Judge delays execution of Lisa Montgomery, Report

Judge delays execution of Lisa Montgomery, Report
Judge delays execution of Lisa Montgomery, Report

A judge’s ruling delaying the first federal execution of a US woman in nearly seven decades may buy her enough time to run out the clock on Donald Trump’s presidency, enabling President-elect Joe Biden to take her off death row.

The execution of Lisa Montgomery – who was convicted in 2007 of strangling a pregnant woman to death and cutting the baby out of the womb to pass it off as her own – had been pushed back from December 8 after her lawyers were infected with coronavirus. The Bureau of Prisons pushed back the execution to January 12, but US District Court Judge Randolph Moss ruled on Thursday that the rescheduling was unlawful because his stay order was still in place.

The order bars federal officials from rescheduling the execution until at least January 1 and, given that US Department of Justice guidelines require inmates to be notified of their execution dates at least 20 days in advance, the new date would likely come after Biden is scheduled to take office at noon on January 20. That means Biden, who has pledged to abolish the death penalty, would be able to block Montgomery from being executed.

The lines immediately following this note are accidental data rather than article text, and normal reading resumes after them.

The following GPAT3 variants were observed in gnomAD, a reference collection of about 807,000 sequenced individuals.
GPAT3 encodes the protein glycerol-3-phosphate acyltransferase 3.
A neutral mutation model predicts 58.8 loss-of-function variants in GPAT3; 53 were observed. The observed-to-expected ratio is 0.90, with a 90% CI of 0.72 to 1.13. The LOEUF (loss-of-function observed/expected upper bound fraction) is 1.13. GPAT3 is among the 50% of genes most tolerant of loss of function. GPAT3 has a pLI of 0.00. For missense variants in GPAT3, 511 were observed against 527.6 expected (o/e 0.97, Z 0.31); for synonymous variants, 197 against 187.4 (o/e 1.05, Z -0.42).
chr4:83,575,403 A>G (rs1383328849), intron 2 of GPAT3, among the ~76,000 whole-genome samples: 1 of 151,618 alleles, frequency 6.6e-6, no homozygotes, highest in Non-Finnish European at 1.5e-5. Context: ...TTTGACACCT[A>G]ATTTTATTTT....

“It’s a Christmas miracle,” said journalist Rachel Louise Snyder, who last week wrote a New York Times opinion piece about Montgomery’s case. Another journalist who wrote about Montgomery, Huffington Post’s Melissa Jeltsen, said the delay ruling was “joyful news on this Christmas Day.”

Snyder, Jeltsen and other advocates for Montgomery, such as the American Civil Liberties Union, have pointed to her mental illness and the sexual and physical abuse she had suffered as a child and young woman as reasons the death penalty never should have been ordered in her case.

“No one should be executed due to poor lawyering,” the ACLU said. “No one should be executed after a lifetime of experiencing gender-based violence. No one should be executed, period.”

Trump disagreed. He resumed federal executions in July, the first in 17 years, and Montgomery would have been the first female executed by the feds in 67 years. Ten executions have been carried out since July, and before Thursday’s order by Moss, three more were slated to be carried out before Biden took office.


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